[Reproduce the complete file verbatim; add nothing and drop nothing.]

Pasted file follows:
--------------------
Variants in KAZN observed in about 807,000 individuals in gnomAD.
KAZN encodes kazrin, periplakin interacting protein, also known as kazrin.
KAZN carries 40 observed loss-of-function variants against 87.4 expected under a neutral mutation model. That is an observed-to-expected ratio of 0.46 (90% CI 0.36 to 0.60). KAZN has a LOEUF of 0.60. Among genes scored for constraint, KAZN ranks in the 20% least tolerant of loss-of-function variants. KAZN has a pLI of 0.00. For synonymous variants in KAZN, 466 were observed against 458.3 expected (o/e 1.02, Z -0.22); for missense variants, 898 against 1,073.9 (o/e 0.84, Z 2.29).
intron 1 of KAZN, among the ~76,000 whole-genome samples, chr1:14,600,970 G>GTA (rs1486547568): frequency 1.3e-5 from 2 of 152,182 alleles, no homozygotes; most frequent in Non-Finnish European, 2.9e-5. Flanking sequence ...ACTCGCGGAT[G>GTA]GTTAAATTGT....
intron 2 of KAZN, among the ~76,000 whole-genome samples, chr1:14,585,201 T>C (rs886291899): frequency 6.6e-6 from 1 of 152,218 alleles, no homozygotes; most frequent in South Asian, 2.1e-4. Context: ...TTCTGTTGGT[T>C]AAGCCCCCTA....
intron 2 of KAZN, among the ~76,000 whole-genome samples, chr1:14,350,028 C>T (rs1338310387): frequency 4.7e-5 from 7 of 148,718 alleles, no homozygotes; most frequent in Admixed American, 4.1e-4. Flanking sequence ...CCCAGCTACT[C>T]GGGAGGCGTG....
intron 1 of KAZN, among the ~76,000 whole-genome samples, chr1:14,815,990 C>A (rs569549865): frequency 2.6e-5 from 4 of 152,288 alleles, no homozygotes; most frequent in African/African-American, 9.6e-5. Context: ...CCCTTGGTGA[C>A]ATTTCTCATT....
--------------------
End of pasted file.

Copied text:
Variants in KAZN observed in about 807,000 individuals in gnomAD.
KAZN encodes kazrin, periplakin interacting protein, also known as kazrin.
KAZN carries 40 observed loss-of-function variants against 87.4 expected under a neutral mutation model. That is an observed-to-expected ratio of 0.46 (90% CI 0.36 to 0.60). KAZN has a LOEUF of 0.60. Among genes scored for constraint, KAZN ranks in the 20% least tolerant of loss-of-function variants. KAZN has a pLI of 0.00. For synonymous variants in KAZN, 466 were observed against 458.3 expected (o/e 1.02, Z -0.22); for missense variants, 898 against 1,073.9 (o/e 0.84, Z 2.29).
intron 1 of KAZN, among the ~76,000 whole-genome samples, chr1:14,600,970 G>GTA (rs1486547568): frequency 1.3e-5 from 2 of 152,182 alleles, no homozygotes; most frequent in Non-Finnish European, 2.9e-5. Flanking sequence ...ACTCGCGGAT[G>GTA]GTTAAATTGT....
intron 2 of KAZN, among the ~76,000 whole-genome samples, chr1:14,585,201 T>C (rs886291899): frequency 6.6e-6 from 1 of 152,218 alleles, no homozygotes; most frequent in South Asian, 2.1e-4. Context: ...TTCTGTTGGT[T>C]AAGCCCCCTA....
intron 2 of KAZN, among the ~76,000 whole-genome samples, chr1:14,350,028 C>T (rs1338310387): frequency 4.7e-5 from 7 of 148,718 alleles, no homozygotes; most frequent in Admixed American, 4.1e-4. Flanking sequence ...CCCAGCTACT[C>T]GGGAGGCGTG....
intron 1 of KAZN, among the ~76,000 whole-genome samples, chr1:14,815,990 C>A (rs569549865): frequency 2.6e-5 from 4 of 152,288 alleles, no homozygotes; most frequent in African/African-American, 9.6e-5. Context: ...CCCTTGGTGA[C>A]ATTTCTCATT....